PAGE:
The Bulls’ front office is notoriously cheap, but it is not that hard to follow their logic here. Derrick Rose was hurt and even though no one wants to acknowledge it, there was probably never a chance he was playing last season. They were not going to venture over the luxury tax for a team that they, candidly speaking, did not want to be that successful. So they let some players walk and actively got rid of others. It all would have been fine, except they did not do an adequate job rebuilding the roster this year. They needed to, at least, be as good as they were in 2011 this year, and honestly needed to be better if they really wanted to dethrone the Heat. Instead, they are nine deep with the ninth guy being Nazr Mohammed. It is hard to qualify any of this as a failure, because this team just might finish with the best record in basketball this year. But it is just as hard to picture this team as currently constructed winning a championship.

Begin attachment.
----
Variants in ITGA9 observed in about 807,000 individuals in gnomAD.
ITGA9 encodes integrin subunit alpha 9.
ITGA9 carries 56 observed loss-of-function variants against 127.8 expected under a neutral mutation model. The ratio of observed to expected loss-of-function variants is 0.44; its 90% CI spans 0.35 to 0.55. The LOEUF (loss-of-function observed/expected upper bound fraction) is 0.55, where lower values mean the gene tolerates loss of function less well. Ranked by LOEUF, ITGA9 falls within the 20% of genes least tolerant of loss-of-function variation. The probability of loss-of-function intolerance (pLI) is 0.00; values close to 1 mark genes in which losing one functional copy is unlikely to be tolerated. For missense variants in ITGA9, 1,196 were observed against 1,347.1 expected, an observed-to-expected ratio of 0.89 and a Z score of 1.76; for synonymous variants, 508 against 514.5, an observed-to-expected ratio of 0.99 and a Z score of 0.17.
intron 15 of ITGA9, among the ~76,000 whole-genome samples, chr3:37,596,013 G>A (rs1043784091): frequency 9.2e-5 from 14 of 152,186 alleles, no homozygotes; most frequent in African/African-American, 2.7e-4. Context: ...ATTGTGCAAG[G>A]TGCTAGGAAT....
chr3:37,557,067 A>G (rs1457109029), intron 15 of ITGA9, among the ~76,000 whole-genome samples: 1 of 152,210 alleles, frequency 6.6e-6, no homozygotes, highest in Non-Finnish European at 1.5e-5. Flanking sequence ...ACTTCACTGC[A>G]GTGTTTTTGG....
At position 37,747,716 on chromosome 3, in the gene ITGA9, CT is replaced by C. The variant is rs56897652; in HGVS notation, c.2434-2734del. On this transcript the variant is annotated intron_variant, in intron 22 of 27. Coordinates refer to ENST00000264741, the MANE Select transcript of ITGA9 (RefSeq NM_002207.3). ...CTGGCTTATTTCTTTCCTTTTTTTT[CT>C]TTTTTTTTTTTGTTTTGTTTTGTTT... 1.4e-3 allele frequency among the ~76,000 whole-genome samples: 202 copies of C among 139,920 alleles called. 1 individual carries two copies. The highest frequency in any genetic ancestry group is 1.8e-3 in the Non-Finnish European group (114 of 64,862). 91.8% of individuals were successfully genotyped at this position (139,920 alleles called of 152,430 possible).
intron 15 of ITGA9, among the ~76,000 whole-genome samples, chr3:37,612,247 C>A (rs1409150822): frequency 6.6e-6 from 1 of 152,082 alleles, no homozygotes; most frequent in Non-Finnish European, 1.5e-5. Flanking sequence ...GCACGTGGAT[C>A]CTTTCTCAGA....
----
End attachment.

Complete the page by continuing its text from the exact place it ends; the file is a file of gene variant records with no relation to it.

A quick note on the motivation for the quote above. Tom Thibodeau and the people making the decisions in the front office do not like each other right now. Thibs’ lead assistant, Ron Adams, was let go because the front office “did not like Adams’ defiant disposition” (check out Adrian Wojnarwoski’s article, linked above, for more details) and it is hard to see that as anything other than a warning shot to Thibodeau to stay in line. There is a lot of room for speculation here — if I was the type to speculate I would say the front office may also be pretty mad Thibs dragged this team the playoffs when they wanted something more in the lottery range, but I’m not the type to speculate — but the least to be said is that there are some tense internal relations within the organization right now. Speaking of tense internal relations … .